In her latest book ‘Mary Boleyn: The Mistress of Kings’, Alison Weir agrees with Wilkinson that the above portrait is probably not an image of Mary Boleyn. Weir goes on to propose that the Hever Castle portrait is most likely to be Frances Brandon, oldest daughter of Mary Tudor and Charles Brandon, the Duke and Duchess of Suffolk. She states that when comparing known portraits of Charles Brandon and Mary Tudor with the above Hever Castle portrait many similarities can be seen, especially with the nose and chin. Weir also moves on to state that the clothing worn by the woman in the above portrait dates to approximately the 1530’s, a time when Mary Boleyn was no longer King Henry VIII’s mistress and had been banished from court. Hui, in his article ‘Two New Faces: The Hornebolte Portraits of Mary and Thomas Boleyn’ also states that the gable hood in the Hever Castle portrait dates to the mid 1530’s, again the time when Mary Boleyn would have been banished from court and therefore certainly would not have had portraits painted of her.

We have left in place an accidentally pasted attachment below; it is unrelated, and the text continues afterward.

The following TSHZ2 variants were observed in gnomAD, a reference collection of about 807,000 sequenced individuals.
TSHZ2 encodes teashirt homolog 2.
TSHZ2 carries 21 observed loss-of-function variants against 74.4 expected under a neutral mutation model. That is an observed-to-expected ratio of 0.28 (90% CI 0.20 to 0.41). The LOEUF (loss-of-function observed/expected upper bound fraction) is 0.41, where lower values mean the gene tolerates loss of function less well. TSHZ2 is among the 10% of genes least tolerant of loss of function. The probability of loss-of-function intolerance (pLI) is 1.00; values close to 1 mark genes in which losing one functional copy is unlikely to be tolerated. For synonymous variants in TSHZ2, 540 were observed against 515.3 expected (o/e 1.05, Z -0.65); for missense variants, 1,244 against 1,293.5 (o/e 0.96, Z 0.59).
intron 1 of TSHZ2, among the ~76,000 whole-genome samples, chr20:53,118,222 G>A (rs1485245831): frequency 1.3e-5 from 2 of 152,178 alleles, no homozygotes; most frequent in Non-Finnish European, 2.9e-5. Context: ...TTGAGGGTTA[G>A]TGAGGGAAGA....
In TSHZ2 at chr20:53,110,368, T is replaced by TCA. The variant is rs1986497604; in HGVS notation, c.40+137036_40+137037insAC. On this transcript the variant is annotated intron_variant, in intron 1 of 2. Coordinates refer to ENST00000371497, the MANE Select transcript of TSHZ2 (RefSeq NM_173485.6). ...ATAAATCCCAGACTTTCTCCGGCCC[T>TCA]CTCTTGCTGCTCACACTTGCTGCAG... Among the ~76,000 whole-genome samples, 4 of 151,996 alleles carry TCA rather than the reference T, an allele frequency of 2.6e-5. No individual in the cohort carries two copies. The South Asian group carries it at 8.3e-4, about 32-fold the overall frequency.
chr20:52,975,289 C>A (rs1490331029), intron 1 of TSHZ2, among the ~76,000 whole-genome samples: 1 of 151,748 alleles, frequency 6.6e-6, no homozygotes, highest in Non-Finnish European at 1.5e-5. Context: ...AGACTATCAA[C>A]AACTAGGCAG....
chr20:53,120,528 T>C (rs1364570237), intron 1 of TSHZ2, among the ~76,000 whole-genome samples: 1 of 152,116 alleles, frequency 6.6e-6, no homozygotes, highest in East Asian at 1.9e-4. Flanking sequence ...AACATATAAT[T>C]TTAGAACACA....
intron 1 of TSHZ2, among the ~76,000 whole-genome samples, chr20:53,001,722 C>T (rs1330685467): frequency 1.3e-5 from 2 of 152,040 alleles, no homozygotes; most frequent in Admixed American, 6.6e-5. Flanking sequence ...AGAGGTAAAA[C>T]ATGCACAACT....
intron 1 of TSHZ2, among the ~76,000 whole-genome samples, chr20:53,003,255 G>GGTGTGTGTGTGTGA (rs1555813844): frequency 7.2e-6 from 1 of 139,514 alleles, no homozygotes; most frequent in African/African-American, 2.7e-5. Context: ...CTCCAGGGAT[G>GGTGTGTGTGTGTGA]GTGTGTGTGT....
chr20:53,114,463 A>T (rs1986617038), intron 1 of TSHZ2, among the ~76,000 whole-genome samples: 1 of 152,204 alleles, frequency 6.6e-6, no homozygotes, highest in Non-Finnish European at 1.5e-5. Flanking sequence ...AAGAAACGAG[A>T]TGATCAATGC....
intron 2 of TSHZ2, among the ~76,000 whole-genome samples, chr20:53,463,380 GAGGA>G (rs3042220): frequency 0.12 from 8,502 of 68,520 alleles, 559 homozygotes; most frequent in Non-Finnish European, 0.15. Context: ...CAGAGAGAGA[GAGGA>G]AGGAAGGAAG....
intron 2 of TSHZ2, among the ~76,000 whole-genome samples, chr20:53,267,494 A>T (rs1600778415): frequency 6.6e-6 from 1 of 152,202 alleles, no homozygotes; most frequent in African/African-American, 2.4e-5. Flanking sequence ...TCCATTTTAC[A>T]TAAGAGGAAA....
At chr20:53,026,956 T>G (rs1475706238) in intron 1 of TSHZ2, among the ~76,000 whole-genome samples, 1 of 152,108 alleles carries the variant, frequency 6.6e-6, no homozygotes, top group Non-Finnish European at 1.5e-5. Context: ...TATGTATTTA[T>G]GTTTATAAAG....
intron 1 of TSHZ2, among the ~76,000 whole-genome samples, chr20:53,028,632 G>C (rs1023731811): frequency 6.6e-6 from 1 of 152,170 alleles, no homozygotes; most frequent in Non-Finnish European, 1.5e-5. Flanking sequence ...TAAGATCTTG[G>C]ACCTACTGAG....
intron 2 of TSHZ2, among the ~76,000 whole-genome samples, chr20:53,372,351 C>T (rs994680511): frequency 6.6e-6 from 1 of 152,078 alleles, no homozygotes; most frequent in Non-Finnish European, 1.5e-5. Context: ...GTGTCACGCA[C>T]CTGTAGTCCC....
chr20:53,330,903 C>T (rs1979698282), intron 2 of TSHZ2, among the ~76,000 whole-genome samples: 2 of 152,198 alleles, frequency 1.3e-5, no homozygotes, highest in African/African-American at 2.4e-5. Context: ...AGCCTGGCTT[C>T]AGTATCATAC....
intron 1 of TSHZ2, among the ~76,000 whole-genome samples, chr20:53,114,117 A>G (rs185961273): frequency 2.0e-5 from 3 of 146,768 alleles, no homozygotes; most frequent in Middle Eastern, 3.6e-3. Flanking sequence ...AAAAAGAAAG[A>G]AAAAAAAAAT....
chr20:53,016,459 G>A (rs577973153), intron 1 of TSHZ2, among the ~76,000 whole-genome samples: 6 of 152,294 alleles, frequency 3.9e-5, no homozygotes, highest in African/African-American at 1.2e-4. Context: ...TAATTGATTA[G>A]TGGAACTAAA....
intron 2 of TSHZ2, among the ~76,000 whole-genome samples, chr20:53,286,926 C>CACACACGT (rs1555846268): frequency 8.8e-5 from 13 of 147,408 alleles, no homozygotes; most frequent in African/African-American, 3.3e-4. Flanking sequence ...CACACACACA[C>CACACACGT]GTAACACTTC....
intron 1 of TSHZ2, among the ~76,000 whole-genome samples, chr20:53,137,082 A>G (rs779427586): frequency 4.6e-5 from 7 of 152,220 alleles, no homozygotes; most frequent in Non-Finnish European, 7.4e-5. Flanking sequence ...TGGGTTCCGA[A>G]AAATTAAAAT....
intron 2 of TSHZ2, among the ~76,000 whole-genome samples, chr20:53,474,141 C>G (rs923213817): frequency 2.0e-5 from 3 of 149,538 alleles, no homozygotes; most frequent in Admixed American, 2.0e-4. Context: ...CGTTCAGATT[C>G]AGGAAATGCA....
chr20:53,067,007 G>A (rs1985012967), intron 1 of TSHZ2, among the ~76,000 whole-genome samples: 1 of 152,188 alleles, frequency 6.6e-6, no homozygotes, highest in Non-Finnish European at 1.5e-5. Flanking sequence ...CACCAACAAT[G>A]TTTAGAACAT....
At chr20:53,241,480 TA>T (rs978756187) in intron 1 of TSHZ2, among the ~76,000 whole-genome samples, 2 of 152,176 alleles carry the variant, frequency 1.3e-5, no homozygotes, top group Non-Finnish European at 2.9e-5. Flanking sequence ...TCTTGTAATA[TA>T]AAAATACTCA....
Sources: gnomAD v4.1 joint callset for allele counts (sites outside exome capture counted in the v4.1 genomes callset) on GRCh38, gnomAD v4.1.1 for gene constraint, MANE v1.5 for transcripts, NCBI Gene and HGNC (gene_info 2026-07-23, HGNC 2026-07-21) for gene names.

Mary Boleyn by Horenbout
A miniature by Lucas Horenbout. Could this be Mary Boleyn rather than her sister Anne?

One of Horenbout’s most famous miniatures is of a woman believed to be Anne Boleyn, painted in about 1525/26. Initially the young woman in the portrait, whose age is given as twenty five years, was believed to be Anne Boleyn. Yet there is now some debate as to whether the woman in the portrait is actually Anne Boleyn. I propose that in fact it may be Mary Boleyn and not her sister Anne. Francesco Sanuto, a Venetian diplomat described Anne as ‘not one of the handsomest women in the world; she is of middling stature, swarthy complexion, long neck, wide mouth, a bosom not much raised and eyes which are black and beautiful’ (Ives 2005, p. 40).